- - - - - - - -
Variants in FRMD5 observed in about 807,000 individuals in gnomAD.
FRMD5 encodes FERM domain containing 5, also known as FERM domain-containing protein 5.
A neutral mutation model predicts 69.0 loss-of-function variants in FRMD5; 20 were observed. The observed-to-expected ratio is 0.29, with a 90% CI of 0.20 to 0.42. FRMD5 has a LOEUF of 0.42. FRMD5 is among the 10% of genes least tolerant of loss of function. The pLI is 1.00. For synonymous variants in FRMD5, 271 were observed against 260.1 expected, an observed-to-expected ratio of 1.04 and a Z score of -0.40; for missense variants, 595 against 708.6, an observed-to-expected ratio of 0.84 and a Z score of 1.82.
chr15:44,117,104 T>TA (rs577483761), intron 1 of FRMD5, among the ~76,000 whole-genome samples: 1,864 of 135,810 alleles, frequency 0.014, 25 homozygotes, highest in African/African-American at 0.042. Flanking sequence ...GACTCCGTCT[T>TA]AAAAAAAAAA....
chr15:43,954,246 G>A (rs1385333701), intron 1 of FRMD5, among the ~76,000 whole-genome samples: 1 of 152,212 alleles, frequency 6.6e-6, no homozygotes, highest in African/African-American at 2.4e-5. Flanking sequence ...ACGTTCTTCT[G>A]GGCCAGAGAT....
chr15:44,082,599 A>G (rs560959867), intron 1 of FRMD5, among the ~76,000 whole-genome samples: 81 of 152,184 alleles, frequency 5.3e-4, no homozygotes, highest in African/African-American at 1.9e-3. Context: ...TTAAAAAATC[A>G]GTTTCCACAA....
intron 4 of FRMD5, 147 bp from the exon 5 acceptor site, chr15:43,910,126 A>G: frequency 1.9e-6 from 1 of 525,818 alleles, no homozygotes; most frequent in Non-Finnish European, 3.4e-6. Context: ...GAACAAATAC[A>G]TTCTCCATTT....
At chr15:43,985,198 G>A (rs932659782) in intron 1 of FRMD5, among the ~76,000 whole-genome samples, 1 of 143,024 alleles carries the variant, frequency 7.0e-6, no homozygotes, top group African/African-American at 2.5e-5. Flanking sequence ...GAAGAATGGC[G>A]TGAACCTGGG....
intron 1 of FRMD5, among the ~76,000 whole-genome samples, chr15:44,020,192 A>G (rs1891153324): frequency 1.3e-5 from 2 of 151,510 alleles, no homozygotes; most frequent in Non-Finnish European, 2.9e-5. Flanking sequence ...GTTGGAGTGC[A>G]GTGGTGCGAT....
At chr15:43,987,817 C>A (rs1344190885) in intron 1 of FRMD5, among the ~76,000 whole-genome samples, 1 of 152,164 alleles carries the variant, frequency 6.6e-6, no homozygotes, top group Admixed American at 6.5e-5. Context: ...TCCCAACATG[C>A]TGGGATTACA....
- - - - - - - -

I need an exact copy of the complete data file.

Variants in FRMD5 observed in about 807,000 individuals in gnomAD.
FRMD5 encodes FERM domain containing 5, also known as FERM domain-containing protein 5.
A neutral mutation model predicts 69.0 loss-of-function variants in FRMD5; 20 were observed. The observed-to-expected ratio is 0.29, with a 90% CI of 0.20 to 0.42. FRMD5 has a LOEUF of 0.42. FRMD5 is among the 10% of genes least tolerant of loss of function. The pLI is 1.00. For synonymous variants in FRMD5, 271 were observed against 260.1 expected, an observed-to-expected ratio of 1.04 and a Z score of -0.40; for missense variants, 595 against 708.6, an observed-to-expected ratio of 0.84 and a Z score of 1.82.
chr15:44,117,104 T>TA (rs577483761), intron 1 of FRMD5, among the ~76,000 whole-genome samples: 1,864 of 135,810 alleles, frequency 0.014, 25 homozygotes, highest in African/African-American at 0.042. Flanking sequence ...GACTCCGTCT[T>TA]AAAAAAAAAA....
chr15:43,954,246 G>A (rs1385333701), intron 1 of FRMD5, among the ~76,000 whole-genome samples: 1 of 152,212 alleles, frequency 6.6e-6, no homozygotes, highest in African/African-American at 2.4e-5. Flanking sequence ...ACGTTCTTCT[G>A]GGCCAGAGAT....
chr15:44,082,599 A>G (rs560959867), intron 1 of FRMD5, among the ~76,000 whole-genome samples: 81 of 152,184 alleles, frequency 5.3e-4, no homozygotes, highest in African/African-American at 1.9e-3. Context: ...TTAAAAAATC[A>G]GTTTCCACAA....
intron 4 of FRMD5, 147 bp from the exon 5 acceptor site, chr15:43,910,126 A>G: frequency 1.9e-6 from 1 of 525,818 alleles, no homozygotes; most frequent in Non-Finnish European, 3.4e-6. Context: ...GAACAAATAC[A>G]TTCTCCATTT....
At chr15:43,985,198 G>A (rs932659782) in intron 1 of FRMD5, among the ~76,000 whole-genome samples, 1 of 143,024 alleles carries the variant, frequency 7.0e-6, no homozygotes, top group African/African-American at 2.5e-5. Flanking sequence ...GAAGAATGGC[G>A]TGAACCTGGG....
intron 1 of FRMD5, among the ~76,000 whole-genome samples, chr15:44,020,192 A>G (rs1891153324): frequency 1.3e-5 from 2 of 151,510 alleles, no homozygotes; most frequent in Non-Finnish European, 2.9e-5. Flanking sequence ...GTTGGAGTGC[A>G]GTGGTGCGAT....
At chr15:43,987,817 C>A (rs1344190885) in intron 1 of FRMD5, among the ~76,000 whole-genome samples, 1 of 152,164 alleles carries the variant, frequency 6.6e-6, no homozygotes, top group Admixed American at 6.5e-5. Context: ...TCCCAACATG[C>A]TGGGATTACA....